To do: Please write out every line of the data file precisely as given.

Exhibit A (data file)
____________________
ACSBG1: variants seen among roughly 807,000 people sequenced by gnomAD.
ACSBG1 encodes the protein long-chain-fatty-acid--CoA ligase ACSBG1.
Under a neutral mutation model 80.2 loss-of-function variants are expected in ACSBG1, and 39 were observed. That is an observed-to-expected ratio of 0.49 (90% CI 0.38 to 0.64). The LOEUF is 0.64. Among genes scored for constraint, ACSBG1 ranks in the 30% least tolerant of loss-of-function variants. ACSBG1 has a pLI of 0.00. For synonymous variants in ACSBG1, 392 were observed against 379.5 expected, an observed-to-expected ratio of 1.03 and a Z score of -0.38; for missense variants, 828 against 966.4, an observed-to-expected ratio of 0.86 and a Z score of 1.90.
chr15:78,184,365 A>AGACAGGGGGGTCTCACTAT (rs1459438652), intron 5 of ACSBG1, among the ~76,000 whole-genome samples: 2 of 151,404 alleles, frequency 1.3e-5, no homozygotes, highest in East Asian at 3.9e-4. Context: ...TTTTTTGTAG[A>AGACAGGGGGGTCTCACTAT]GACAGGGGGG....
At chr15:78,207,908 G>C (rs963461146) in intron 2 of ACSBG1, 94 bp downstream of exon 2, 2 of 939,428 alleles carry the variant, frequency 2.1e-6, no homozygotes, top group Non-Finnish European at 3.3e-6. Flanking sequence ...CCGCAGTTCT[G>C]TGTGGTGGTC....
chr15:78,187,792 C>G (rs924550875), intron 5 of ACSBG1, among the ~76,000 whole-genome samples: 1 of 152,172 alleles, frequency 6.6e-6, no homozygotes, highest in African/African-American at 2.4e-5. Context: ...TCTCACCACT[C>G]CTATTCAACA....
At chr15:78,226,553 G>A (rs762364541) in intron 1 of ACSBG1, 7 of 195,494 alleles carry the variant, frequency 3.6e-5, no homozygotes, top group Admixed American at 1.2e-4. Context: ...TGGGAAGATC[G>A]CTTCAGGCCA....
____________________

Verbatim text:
ACSBG1: variants seen among roughly 807,000 people sequenced by gnomAD.
ACSBG1 encodes the protein long-chain-fatty-acid--CoA ligase ACSBG1.
Under a neutral mutation model 80.2 loss-of-function variants are expected in ACSBG1, and 39 were observed. That is an observed-to-expected ratio of 0.49 (90% CI 0.38 to 0.64). The LOEUF is 0.64. Among genes scored for constraint, ACSBG1 ranks in the 30% least tolerant of loss-of-function variants. ACSBG1 has a pLI of 0.00. For synonymous variants in ACSBG1, 392 were observed against 379.5 expected, an observed-to-expected ratio of 1.03 and a Z score of -0.38; for missense variants, 828 against 966.4, an observed-to-expected ratio of 0.86 and a Z score of 1.90.
chr15:78,184,365 A>AGACAGGGGGGTCTCACTAT (rs1459438652), intron 5 of ACSBG1, among the ~76,000 whole-genome samples: 2 of 151,404 alleles, frequency 1.3e-5, no homozygotes, highest in East Asian at 3.9e-4. Context: ...TTTTTTGTAG[A>AGACAGGGGGGTCTCACTAT]GACAGGGGGG....
At chr15:78,207,908 G>C (rs963461146) in intron 2 of ACSBG1, 94 bp downstream of exon 2, 2 of 939,428 alleles carry the variant, frequency 2.1e-6, no homozygotes, top group Non-Finnish European at 3.3e-6. Flanking sequence ...CCGCAGTTCT[G>C]TGTGGTGGTC....
chr15:78,187,792 C>G (rs924550875), intron 5 of ACSBG1, among the ~76,000 whole-genome samples: 1 of 152,172 alleles, frequency 6.6e-6, no homozygotes, highest in African/African-American at 2.4e-5. Context: ...TCTCACCACT[C>G]CTATTCAACA....
At chr15:78,226,553 G>A (rs762364541) in intron 1 of ACSBG1, 7 of 195,494 alleles carry the variant, frequency 3.6e-5, no homozygotes, top group Admixed American at 1.2e-4. Context: ...TGGGAAGATC[G>A]CTTCAGGCCA....